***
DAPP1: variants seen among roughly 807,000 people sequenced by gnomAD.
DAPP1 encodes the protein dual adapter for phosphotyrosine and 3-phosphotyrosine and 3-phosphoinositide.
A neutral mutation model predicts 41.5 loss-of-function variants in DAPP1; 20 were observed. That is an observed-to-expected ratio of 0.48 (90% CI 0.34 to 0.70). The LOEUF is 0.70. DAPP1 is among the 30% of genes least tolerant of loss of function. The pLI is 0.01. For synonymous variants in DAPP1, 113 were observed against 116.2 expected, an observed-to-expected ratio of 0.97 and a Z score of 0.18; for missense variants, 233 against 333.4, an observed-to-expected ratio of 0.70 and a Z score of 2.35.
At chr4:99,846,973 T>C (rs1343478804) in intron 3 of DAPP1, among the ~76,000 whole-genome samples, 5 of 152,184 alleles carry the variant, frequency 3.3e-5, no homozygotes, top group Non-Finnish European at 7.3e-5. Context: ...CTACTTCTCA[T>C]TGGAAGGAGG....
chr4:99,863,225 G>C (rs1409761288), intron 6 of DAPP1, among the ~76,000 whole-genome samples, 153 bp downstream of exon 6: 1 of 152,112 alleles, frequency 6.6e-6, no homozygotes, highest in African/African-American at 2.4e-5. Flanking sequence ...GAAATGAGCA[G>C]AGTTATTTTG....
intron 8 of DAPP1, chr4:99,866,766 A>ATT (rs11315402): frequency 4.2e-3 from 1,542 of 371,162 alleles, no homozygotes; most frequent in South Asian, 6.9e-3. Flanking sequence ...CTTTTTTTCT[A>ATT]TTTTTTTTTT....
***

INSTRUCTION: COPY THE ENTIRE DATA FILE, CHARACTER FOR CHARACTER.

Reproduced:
DAPP1: variants seen among roughly 807,000 people sequenced by gnomAD.
DAPP1 encodes the protein dual adapter for phosphotyrosine and 3-phosphotyrosine and 3-phosphoinositide.
A neutral mutation model predicts 41.5 loss-of-function variants in DAPP1; 20 were observed. That is an observed-to-expected ratio of 0.48 (90% CI 0.34 to 0.70). The LOEUF is 0.70. DAPP1 is among the 30% of genes least tolerant of loss of function. The pLI is 0.01. For synonymous variants in DAPP1, 113 were observed against 116.2 expected, an observed-to-expected ratio of 0.97 and a Z score of 0.18; for missense variants, 233 against 333.4, an observed-to-expected ratio of 0.70 and a Z score of 2.35.
At chr4:99,846,973 T>C (rs1343478804) in intron 3 of DAPP1, among the ~76,000 whole-genome samples, 5 of 152,184 alleles carry the variant, frequency 3.3e-5, no homozygotes, top group Non-Finnish European at 7.3e-5. Context: ...CTACTTCTCA[T>C]TGGAAGGAGG....
chr4:99,863,225 G>C (rs1409761288), intron 6 of DAPP1, among the ~76,000 whole-genome samples, 153 bp downstream of exon 6: 1 of 152,112 alleles, frequency 6.6e-6, no homozygotes, highest in African/African-American at 2.4e-5. Flanking sequence ...GAAATGAGCA[G>C]AGTTATTTTG....
intron 8 of DAPP1, chr4:99,866,766 A>ATT (rs11315402): frequency 4.2e-3 from 1,542 of 371,162 alleles, no homozygotes; most frequent in South Asian, 6.9e-3. Flanking sequence ...CTTTTTTTCT[A>ATT]TTTTTTTTTT....